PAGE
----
The Manitoba government is looking for a way to move the province to full extended producer responsibility, also known as EPR, on certain blue box materials.

Manitoba currently relies on a shared responsibility approach where producers are responsible for 80 percent of recycling costs and local governments have operational responsibility and pay the remaining 20 percent.

The province wants to change that formula by making producers responsible for all costs connected to collecting, transporting, processing and marketing residential packaging and printed paper.

Karen Melnychuk is executive director of Multi-Material Stewardship Manitoba (MMSM), the organization that is gathering feedback from municipalities and other stakeholders in the province on how best to transition to an extended EPR model.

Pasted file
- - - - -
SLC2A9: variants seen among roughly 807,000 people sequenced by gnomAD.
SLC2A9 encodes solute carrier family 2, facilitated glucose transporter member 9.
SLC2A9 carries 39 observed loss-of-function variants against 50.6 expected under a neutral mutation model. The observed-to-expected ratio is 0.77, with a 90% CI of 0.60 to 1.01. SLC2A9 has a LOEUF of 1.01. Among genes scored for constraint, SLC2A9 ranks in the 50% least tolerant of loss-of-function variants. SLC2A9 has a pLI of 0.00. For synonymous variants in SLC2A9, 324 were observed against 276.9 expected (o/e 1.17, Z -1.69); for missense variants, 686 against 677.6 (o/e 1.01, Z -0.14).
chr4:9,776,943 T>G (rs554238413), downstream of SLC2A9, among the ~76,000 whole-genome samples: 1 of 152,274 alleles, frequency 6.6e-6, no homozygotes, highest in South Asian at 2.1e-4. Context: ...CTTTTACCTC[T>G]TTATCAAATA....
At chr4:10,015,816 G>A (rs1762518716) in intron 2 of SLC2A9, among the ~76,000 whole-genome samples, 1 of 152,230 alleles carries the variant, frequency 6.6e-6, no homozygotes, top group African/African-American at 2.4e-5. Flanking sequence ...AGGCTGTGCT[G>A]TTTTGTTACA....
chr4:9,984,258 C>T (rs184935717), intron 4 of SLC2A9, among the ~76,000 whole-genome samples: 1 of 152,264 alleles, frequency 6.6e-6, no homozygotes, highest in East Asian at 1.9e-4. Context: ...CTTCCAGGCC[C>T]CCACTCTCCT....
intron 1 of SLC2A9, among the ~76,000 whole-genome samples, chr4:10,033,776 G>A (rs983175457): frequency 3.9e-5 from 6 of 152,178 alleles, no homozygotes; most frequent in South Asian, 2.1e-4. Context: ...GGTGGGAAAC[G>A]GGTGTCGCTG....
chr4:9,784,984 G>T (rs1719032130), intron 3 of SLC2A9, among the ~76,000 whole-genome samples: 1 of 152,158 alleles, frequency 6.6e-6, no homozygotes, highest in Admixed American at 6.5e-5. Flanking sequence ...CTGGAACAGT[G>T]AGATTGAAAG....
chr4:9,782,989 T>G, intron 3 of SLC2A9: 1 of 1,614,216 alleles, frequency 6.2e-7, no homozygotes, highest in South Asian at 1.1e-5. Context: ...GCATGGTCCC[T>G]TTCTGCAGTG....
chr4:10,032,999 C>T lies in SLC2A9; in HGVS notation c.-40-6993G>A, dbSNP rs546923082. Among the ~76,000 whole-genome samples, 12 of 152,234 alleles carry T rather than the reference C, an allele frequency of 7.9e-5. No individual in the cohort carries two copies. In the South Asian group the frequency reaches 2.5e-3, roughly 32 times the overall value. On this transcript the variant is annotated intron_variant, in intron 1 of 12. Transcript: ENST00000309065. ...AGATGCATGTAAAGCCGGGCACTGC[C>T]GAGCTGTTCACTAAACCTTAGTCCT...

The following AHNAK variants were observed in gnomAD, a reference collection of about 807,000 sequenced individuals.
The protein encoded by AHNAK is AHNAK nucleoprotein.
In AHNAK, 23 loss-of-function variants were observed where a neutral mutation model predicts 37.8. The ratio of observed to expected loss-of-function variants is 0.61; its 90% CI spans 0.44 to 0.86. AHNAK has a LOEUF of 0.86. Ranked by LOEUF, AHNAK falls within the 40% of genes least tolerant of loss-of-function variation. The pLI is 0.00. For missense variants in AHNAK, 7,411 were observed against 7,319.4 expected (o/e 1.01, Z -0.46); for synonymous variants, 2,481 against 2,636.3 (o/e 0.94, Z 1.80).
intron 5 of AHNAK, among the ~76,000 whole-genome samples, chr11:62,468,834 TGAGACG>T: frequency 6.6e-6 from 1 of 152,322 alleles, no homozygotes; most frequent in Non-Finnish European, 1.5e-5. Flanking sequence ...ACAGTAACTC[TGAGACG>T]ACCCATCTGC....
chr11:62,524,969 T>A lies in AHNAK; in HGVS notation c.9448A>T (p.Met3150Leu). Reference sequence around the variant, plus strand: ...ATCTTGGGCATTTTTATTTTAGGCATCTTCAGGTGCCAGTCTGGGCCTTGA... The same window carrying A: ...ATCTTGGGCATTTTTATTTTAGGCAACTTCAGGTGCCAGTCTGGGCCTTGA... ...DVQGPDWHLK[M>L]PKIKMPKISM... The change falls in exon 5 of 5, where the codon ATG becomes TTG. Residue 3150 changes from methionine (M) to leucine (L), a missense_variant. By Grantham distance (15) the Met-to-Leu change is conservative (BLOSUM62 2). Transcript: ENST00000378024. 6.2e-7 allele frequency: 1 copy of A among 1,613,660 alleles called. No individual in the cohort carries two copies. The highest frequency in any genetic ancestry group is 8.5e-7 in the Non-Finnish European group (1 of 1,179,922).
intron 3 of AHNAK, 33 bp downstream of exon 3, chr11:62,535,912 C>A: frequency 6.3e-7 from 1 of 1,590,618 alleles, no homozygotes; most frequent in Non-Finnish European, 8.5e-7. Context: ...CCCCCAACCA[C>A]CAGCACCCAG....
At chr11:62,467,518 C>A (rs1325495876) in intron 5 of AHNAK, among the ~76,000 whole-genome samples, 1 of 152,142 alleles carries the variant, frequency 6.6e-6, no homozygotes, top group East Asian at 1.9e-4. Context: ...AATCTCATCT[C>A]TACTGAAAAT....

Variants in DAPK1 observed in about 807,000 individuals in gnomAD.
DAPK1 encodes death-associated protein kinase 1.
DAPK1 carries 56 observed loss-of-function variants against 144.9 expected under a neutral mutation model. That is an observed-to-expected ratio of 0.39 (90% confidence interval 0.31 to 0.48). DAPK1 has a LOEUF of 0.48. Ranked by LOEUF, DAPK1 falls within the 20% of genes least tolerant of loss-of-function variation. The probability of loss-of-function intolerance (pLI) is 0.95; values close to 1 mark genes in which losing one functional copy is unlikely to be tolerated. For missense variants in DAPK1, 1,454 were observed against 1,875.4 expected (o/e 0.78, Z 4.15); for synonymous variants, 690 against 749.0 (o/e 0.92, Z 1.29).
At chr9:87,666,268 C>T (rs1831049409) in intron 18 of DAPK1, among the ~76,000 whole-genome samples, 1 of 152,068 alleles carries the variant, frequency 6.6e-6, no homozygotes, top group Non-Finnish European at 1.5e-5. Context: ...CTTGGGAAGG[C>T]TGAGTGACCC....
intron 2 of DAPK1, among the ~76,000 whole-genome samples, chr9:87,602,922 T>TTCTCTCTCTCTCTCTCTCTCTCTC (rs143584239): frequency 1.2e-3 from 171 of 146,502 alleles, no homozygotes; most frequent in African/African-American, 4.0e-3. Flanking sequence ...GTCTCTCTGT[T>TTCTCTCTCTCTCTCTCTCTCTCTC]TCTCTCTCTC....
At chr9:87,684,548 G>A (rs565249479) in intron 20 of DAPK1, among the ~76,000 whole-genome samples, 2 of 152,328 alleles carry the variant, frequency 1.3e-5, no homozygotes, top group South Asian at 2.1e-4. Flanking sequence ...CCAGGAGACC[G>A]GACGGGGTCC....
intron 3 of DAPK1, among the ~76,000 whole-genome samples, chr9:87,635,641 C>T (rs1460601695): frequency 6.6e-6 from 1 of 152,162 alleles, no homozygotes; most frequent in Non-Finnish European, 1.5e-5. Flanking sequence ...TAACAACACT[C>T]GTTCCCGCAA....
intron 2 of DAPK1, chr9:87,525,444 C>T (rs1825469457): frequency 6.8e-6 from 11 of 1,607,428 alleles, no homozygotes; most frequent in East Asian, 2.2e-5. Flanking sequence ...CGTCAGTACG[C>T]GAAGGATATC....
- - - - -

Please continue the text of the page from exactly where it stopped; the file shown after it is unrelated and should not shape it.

"The goal is to assign ownership of the end-of-life materials, or those blue box materials, to producers to manage. It creates some incentive for the producer to also take into account environmental considerations when they are designing their products and packaging as well."

Full EPR already exists in Manitoba with a total of twelve producer responsibility programs in place to manage materials like used tires, lead-acid batteries, oil, containers and filters and paint, to name just a few.

MMSM has been directed by the province to come up with a plan that establishes a full EPR program on residential blue box materials and to submit that plan by November 2021.

Melnychuk points out the transition plan they come up with will take some time to fully implement.

"Our draft plan will receive approval sometime in 2022 and then after that we will need to meet with individual communities to discuss how they want to implement it. So, the actual transition from the shared model to full extended producer responsibility will take a few years because there are contracts in place that communities have right now and we have to abide by those terms. We can't move everybody over to the new model in one day. It will likely happen over a three year timeline."

MMSM currently provides funding for recycling programs in 151 different communities in Manitoba and Melnychuk says getting those communities to full EPR is a major, multi-year undertaking.